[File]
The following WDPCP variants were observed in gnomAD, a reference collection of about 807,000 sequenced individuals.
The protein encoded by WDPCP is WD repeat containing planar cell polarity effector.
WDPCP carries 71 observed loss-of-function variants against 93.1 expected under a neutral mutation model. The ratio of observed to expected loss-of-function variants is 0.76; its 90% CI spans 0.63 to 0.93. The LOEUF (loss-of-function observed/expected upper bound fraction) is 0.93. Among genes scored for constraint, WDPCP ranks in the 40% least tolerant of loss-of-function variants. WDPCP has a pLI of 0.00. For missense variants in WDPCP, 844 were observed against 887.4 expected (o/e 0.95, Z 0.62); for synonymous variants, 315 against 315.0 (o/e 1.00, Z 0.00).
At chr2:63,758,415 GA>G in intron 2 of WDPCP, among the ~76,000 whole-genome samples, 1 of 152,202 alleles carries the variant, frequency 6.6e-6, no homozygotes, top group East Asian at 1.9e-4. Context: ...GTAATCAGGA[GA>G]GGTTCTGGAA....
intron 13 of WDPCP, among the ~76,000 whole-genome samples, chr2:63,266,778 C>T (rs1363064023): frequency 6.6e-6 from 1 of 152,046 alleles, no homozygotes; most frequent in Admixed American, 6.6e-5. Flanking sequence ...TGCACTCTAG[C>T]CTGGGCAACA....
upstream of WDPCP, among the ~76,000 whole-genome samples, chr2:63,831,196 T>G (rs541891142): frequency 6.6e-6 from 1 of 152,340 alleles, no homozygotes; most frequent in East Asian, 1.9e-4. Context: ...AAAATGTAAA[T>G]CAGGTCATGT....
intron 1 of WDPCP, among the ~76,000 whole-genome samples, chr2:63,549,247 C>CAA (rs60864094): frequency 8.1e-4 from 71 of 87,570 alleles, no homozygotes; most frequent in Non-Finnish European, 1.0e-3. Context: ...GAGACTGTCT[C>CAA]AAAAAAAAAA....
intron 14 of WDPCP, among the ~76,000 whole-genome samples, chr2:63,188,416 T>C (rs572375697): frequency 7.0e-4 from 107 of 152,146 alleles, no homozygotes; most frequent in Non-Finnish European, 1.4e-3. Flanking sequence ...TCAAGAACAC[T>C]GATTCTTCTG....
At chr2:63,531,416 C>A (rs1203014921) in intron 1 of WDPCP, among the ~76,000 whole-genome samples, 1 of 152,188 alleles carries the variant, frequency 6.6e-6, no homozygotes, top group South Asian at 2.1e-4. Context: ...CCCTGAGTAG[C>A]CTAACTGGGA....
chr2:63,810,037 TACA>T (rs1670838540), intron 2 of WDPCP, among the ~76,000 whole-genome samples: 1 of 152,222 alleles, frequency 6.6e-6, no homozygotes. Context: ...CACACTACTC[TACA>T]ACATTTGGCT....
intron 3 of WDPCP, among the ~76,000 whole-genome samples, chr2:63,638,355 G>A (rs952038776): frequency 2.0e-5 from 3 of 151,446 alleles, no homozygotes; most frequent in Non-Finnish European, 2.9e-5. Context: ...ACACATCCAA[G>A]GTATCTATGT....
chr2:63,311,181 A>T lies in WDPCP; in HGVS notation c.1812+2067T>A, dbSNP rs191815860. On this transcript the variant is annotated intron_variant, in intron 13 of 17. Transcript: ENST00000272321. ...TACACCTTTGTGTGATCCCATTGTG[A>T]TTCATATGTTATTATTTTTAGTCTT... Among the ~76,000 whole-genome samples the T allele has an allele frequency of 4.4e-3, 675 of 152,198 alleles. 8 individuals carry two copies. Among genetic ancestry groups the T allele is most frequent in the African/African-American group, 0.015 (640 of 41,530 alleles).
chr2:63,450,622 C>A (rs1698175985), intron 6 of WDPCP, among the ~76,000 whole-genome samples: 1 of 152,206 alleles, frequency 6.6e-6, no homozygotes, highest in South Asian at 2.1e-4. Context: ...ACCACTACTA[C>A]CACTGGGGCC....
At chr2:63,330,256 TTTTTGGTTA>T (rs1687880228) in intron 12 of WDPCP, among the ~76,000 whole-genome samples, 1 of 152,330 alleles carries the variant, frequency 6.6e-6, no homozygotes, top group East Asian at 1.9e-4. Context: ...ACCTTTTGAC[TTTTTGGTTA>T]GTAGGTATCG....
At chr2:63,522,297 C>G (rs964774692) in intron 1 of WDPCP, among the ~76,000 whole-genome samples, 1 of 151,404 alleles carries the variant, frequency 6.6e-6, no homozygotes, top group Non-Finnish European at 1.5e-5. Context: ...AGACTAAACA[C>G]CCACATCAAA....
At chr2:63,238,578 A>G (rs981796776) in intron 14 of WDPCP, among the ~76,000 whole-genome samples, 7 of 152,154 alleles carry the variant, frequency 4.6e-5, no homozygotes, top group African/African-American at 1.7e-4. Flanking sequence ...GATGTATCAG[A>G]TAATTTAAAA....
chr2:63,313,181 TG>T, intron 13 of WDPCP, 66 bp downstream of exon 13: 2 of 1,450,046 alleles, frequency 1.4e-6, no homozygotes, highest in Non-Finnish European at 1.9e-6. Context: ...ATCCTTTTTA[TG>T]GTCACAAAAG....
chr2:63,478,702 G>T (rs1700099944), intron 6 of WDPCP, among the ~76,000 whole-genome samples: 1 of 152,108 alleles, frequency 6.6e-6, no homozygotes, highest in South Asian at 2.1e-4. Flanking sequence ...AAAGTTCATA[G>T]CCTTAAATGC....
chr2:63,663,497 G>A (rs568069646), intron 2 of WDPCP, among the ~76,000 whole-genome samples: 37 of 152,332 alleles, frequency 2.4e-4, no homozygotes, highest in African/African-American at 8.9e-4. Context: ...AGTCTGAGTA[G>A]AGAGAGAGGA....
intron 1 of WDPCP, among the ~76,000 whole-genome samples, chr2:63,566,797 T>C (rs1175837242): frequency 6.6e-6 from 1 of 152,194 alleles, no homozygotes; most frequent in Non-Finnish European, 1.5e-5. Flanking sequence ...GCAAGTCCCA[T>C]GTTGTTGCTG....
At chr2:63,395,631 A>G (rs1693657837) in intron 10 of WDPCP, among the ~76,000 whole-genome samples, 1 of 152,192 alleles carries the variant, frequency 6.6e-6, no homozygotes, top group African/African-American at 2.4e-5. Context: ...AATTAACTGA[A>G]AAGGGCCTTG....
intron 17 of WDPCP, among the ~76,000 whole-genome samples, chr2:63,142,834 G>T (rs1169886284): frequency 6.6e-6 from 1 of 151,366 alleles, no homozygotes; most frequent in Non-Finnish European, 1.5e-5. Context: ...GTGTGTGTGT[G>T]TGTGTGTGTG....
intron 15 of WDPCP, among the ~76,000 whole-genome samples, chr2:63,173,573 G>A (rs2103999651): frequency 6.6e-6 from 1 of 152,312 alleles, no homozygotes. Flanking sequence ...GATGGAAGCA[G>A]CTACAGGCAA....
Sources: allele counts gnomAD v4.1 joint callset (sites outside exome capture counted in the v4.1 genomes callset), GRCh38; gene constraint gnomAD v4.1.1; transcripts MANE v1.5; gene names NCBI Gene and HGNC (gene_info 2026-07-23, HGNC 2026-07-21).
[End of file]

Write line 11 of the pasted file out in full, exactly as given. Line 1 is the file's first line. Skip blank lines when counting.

intron 3 of WDPCP, among the ~76,000 whole-genome samples, chr2:63,638,355 G>A (rs952038776): frequency 2.0e-5 from 3 of 151,446 alleles, no homozygotes; most frequent in Non-Finnish European, 2.9e-5. Context: ...ACACATCCAA[G>A]GTATCTATGT....